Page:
Students should use as many of these resources as possible over the next few weeks to help improve their grades.
Good luck to our Year 11 cohort.
Mr Howarth, Science Department
Greek Club meets in La8 at lunchtime on Thursdays. We would like to welcome students from Year 8 upwards who are interested in discovering the language, history and culture of ancient Greece.
For further details, please contact me.
Mrs Bothwell, Languages Department
Congratulations to Year 13, Fine Art student Emily Corrigan for reaching the final shortlist of 12 Artworks for the Saatchi LOVE ART Young Artist Prize with her large-scale drawing 'Drill'.
Emily's work will be exhibited, along with other finalists, at the Cass Art Space, Islington from 1-6 May 2018, with the possibility of it being exhibited at the Saatchi Gallery in June.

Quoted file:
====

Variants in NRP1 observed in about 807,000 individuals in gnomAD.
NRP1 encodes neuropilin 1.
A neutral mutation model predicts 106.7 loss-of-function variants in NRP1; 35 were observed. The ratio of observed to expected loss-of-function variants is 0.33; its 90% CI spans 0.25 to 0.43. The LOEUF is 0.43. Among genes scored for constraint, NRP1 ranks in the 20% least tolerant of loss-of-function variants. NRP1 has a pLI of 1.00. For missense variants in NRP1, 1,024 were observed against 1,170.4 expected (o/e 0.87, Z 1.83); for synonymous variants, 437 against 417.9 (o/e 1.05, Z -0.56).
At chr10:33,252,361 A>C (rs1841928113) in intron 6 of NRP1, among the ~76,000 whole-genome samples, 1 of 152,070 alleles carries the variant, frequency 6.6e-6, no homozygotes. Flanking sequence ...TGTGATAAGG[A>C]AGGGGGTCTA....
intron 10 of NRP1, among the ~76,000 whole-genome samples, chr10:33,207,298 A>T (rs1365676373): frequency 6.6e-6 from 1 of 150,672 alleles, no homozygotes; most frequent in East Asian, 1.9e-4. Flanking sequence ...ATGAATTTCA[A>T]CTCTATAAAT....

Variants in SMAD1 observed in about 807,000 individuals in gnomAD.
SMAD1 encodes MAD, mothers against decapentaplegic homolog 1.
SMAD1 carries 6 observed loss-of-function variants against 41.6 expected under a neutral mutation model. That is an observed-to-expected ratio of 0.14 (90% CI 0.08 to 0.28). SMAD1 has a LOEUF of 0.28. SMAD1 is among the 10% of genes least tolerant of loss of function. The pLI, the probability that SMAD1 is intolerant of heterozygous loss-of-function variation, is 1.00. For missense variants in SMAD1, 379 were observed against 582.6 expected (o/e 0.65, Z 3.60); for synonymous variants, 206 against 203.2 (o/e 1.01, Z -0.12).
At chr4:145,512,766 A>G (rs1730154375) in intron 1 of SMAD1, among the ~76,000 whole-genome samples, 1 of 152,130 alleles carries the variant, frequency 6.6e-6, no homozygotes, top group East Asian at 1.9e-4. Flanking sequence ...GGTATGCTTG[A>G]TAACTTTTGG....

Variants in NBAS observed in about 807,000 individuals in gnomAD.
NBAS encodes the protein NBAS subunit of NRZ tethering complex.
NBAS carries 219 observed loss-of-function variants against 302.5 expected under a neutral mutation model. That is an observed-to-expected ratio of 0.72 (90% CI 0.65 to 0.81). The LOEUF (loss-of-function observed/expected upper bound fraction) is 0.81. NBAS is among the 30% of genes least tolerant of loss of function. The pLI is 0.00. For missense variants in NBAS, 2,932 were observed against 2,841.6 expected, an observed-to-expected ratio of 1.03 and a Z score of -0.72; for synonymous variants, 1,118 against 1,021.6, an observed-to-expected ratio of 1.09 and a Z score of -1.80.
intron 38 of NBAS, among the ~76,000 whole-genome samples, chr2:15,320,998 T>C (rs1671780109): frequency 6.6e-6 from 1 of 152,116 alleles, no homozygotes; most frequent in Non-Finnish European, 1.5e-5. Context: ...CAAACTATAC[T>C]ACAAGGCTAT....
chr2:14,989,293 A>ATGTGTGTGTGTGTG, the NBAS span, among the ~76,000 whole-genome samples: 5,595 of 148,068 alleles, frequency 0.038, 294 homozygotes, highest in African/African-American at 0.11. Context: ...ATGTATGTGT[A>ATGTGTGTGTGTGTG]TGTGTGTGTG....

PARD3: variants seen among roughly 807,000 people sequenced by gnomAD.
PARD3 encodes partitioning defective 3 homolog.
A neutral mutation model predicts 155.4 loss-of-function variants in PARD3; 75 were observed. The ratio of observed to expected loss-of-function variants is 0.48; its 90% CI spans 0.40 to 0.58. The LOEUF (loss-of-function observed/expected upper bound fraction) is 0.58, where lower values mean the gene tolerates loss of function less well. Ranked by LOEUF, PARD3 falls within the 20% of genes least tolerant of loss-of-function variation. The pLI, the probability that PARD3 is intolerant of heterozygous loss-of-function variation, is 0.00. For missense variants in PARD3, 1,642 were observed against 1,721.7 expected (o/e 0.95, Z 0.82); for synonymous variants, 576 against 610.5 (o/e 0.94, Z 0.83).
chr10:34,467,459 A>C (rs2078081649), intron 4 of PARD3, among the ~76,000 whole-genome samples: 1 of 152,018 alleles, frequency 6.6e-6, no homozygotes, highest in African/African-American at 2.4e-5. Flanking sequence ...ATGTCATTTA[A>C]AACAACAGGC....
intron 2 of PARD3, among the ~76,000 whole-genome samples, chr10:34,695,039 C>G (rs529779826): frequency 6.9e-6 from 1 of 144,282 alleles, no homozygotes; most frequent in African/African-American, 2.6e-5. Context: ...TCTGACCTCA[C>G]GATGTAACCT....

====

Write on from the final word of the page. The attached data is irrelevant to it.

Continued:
Staff in Art department at Durham Johnston are delighted that the exceptional work by one of their A-level Art students has been recognised in such a prestigious national schools' competition.
We wish Emily luck in the final selection.
Ms Hitchcock, Subject Leader for Art
This has been a busy week for Year 12 who are researching their options after A level.